I got mad at Shauna Niequist once.
I read her book Bittersweet, and I expected it to fix me.
I was so broken, so hurting, so full of bitterness and pain and I didn’t know what to do with any of it.
And this book called Bittersweet, with its subtitle of “Thoughts on Change, Grace, and Learning the Hard Way,” seemed to be just what I needed. I needed help with all those things.
Yet it did not fix me.
For rational people, this makes sense. They’re words on a page–ink arranged into letters and letters into words and words into sentences–and on their own, they hold no power. But I’m not always a rational person, and I looked to that book for healing like small children look to Band-Aids. To not find it there left me disappointed, saddened, and yes–a little mad.
But of course, it is not a book’s job to fix me.
It would be lovely if they could, though. The problem is, when I find something in myself I know is a little broken, a little jagged-edged, a little not quite right, I want something tangible I can do to make it better, and I want it quickly.
I want to read those pages and feel the edges of my hurt begin to close.
The only real way to fixing is through living, though.
Not that books are bad or that they can’t help in the healing process. It is so, so good to know we are not alone, to find that other people have sat where we have sat and had a hard time getting up too, to see the ways we may begin to put ourselves back together.
In Bittersweet, Shauna writes about her miscarriage and the longing and the sadness of What Might Have Been. While I don’t know the particulars of that kind of grief, I think we all know what it feels like to have things not turn out the way we had hoped, for whatever reason those hopes might have been taken away from us or never given in the first place.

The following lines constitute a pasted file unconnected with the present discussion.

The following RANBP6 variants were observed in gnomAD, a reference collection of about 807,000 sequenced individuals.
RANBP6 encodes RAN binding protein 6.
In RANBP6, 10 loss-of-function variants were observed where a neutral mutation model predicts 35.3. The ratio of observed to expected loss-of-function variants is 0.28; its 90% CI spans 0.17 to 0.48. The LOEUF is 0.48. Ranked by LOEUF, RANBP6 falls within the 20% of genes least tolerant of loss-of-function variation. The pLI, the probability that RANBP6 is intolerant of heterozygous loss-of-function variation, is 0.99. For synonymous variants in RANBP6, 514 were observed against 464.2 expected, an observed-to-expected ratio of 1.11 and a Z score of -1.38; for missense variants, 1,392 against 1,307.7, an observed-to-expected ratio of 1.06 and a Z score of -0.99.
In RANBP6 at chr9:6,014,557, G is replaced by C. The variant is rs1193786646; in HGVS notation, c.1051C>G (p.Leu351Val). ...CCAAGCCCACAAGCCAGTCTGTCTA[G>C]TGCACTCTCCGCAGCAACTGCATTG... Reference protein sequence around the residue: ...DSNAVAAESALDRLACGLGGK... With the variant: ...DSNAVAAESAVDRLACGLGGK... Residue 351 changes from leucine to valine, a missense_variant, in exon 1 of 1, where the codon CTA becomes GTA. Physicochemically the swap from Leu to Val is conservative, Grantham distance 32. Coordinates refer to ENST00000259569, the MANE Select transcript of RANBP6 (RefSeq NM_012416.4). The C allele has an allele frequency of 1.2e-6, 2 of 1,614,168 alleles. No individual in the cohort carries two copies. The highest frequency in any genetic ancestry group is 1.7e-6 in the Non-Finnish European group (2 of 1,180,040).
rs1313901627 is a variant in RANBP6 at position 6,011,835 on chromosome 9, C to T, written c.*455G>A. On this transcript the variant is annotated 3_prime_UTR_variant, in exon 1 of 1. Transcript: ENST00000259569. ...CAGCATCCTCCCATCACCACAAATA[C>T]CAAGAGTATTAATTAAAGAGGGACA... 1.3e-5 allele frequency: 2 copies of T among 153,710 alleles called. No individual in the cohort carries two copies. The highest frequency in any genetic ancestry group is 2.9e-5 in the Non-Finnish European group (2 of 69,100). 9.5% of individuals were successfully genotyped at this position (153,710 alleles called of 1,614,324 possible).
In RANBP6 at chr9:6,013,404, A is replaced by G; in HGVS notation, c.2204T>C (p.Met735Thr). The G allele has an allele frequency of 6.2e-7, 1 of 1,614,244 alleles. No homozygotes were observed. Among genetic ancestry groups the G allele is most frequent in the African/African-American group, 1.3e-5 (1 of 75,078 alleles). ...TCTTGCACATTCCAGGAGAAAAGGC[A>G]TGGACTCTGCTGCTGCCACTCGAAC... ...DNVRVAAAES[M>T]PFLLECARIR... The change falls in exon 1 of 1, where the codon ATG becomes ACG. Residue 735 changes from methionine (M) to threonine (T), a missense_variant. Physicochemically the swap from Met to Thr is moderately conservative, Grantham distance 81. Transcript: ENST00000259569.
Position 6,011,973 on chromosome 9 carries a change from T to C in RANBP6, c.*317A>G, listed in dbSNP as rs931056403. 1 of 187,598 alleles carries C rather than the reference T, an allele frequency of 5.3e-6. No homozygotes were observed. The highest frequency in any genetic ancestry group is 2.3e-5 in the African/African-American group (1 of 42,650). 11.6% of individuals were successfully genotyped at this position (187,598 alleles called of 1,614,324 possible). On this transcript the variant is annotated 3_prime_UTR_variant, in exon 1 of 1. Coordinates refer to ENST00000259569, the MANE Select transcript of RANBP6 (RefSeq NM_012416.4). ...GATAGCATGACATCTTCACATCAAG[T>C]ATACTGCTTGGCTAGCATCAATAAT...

But for today, for a minute, it’s not all right. I understand that God is sovereign, that bodies are fragile and fallible. I understand that grief mellows over time, and that guarantees aren’t part of human life, as much as we’d like them to be. But on this day…I’m crying just a little for what might have been. (page 110)
Those words don’t fix the pain of what might have been, but I’m becoming more okay with that.
Since that time I got mad at Shauna Niequist, I’ve learned I can read and take the stories and words for the gifts they have to offer, without expecting them to hold everything. As much as I’d like them to, these two-dimensional words will not, cannot, mend the very three-dimensional reality of my actual life.
They can help me know I’m not alone, they may point me in a direction that can bring healing—but they cannot heal by themselves. No book can handle that much pressure.
Instead, as I’m learning with many areas of life, sometimes the only way out is through.
Til next time…
p.s. How have books helped you?